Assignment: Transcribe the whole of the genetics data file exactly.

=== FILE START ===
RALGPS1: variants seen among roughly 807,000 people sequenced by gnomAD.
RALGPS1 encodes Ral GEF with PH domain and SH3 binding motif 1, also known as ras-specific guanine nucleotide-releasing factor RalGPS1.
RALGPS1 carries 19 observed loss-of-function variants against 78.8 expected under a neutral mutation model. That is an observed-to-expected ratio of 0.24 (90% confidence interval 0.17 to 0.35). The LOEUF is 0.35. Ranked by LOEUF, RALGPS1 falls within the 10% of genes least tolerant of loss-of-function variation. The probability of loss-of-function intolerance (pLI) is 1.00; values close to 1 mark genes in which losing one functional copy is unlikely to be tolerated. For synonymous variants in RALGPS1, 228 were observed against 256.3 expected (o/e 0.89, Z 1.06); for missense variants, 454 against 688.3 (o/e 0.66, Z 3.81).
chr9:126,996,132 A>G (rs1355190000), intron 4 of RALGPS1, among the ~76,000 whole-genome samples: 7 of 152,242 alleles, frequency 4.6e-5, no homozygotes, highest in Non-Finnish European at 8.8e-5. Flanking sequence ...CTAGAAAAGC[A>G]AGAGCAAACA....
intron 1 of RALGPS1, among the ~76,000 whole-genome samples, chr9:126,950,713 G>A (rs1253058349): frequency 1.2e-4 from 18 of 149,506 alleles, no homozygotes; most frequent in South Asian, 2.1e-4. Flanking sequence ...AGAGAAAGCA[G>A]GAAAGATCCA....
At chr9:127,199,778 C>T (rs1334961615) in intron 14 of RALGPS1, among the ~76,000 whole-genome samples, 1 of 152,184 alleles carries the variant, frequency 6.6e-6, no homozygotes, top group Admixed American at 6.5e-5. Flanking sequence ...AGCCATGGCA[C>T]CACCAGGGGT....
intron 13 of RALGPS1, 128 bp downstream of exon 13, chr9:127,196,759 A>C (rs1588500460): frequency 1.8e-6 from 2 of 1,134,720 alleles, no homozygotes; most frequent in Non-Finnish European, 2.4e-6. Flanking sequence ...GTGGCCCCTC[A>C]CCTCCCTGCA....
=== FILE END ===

RALGPS1: variants seen among roughly 807,000 people sequenced by gnomAD.
RALGPS1 encodes Ral GEF with PH domain and SH3 binding motif 1, also known as ras-specific guanine nucleotide-releasing factor RalGPS1.
RALGPS1 carries 19 observed loss-of-function variants against 78.8 expected under a neutral mutation model. That is an observed-to-expected ratio of 0.24 (90% confidence interval 0.17 to 0.35). The LOEUF is 0.35. Ranked by LOEUF, RALGPS1 falls within the 10% of genes least tolerant of loss-of-function variation. The probability of loss-of-function intolerance (pLI) is 1.00; values close to 1 mark genes in which losing one functional copy is unlikely to be tolerated. For synonymous variants in RALGPS1, 228 were observed against 256.3 expected (o/e 0.89, Z 1.06); for missense variants, 454 against 688.3 (o/e 0.66, Z 3.81).
chr9:126,996,132 A>G (rs1355190000), intron 4 of RALGPS1, among the ~76,000 whole-genome samples: 7 of 152,242 alleles, frequency 4.6e-5, no homozygotes, highest in Non-Finnish European at 8.8e-5. Flanking sequence ...CTAGAAAAGC[A>G]AGAGCAAACA....
intron 1 of RALGPS1, among the ~76,000 whole-genome samples, chr9:126,950,713 G>A (rs1253058349): frequency 1.2e-4 from 18 of 149,506 alleles, no homozygotes; most frequent in South Asian, 2.1e-4. Flanking sequence ...AGAGAAAGCA[G>A]GAAAGATCCA....
At chr9:127,199,778 C>T (rs1334961615) in intron 14 of RALGPS1, among the ~76,000 whole-genome samples, 1 of 152,184 alleles carries the variant, frequency 6.6e-6, no homozygotes, top group Admixed American at 6.5e-5. Flanking sequence ...AGCCATGGCA[C>T]CACCAGGGGT....
intron 13 of RALGPS1, 128 bp downstream of exon 13, chr9:127,196,759 A>C (rs1588500460): frequency 1.8e-6 from 2 of 1,134,720 alleles, no homozygotes; most frequent in Non-Finnish European, 2.4e-6. Flanking sequence ...GTGGCCCCTC[A>C]CCTCCCTGCA....